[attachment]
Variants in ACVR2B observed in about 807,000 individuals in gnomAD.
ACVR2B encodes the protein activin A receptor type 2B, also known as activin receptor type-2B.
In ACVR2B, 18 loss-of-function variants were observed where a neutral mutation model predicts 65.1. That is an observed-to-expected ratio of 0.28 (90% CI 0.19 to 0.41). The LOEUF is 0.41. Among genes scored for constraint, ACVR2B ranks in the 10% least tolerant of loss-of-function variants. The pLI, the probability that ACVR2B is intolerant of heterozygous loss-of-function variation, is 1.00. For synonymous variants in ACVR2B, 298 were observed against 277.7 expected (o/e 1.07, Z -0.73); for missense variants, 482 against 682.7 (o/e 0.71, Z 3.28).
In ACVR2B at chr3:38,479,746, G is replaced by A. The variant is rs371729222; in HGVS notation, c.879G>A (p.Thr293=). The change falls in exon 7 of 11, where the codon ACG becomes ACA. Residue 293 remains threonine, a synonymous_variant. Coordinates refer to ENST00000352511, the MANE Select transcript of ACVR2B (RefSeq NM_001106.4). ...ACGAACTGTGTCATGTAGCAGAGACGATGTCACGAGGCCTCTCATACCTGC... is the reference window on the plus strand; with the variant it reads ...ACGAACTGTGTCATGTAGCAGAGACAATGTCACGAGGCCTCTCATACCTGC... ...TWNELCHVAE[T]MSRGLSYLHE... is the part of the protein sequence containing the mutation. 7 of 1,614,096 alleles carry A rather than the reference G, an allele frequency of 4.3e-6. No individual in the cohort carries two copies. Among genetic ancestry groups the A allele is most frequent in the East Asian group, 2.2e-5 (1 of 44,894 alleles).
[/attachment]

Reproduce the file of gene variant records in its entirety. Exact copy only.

Variants in ACVR2B observed in about 807,000 individuals in gnomAD.
ACVR2B encodes the protein activin A receptor type 2B, also known as activin receptor type-2B.
In ACVR2B, 18 loss-of-function variants were observed where a neutral mutation model predicts 65.1. That is an observed-to-expected ratio of 0.28 (90% CI 0.19 to 0.41). The LOEUF is 0.41. Among genes scored for constraint, ACVR2B ranks in the 10% least tolerant of loss-of-function variants. The pLI, the probability that ACVR2B is intolerant of heterozygous loss-of-function variation, is 1.00. For synonymous variants in ACVR2B, 298 were observed against 277.7 expected (o/e 1.07, Z -0.73); for missense variants, 482 against 682.7 (o/e 0.71, Z 3.28).
In ACVR2B at chr3:38,479,746, G is replaced by A. The variant is rs371729222; in HGVS notation, c.879G>A (p.Thr293=). The change falls in exon 7 of 11, where the codon ACG becomes ACA. Residue 293 remains threonine, a synonymous_variant. Coordinates refer to ENST00000352511, the MANE Select transcript of ACVR2B (RefSeq NM_001106.4). ...ACGAACTGTGTCATGTAGCAGAGACGATGTCACGAGGCCTCTCATACCTGC... is the reference window on the plus strand; with the variant it reads ...ACGAACTGTGTCATGTAGCAGAGACAATGTCACGAGGCCTCTCATACCTGC... ...TWNELCHVAE[T]MSRGLSYLHE... is the part of the protein sequence containing the mutation. 7 of 1,614,096 alleles carry A rather than the reference G, an allele frequency of 4.3e-6. No individual in the cohort carries two copies. Among genetic ancestry groups the A allele is most frequent in the East Asian group, 2.2e-5 (1 of 44,894 alleles).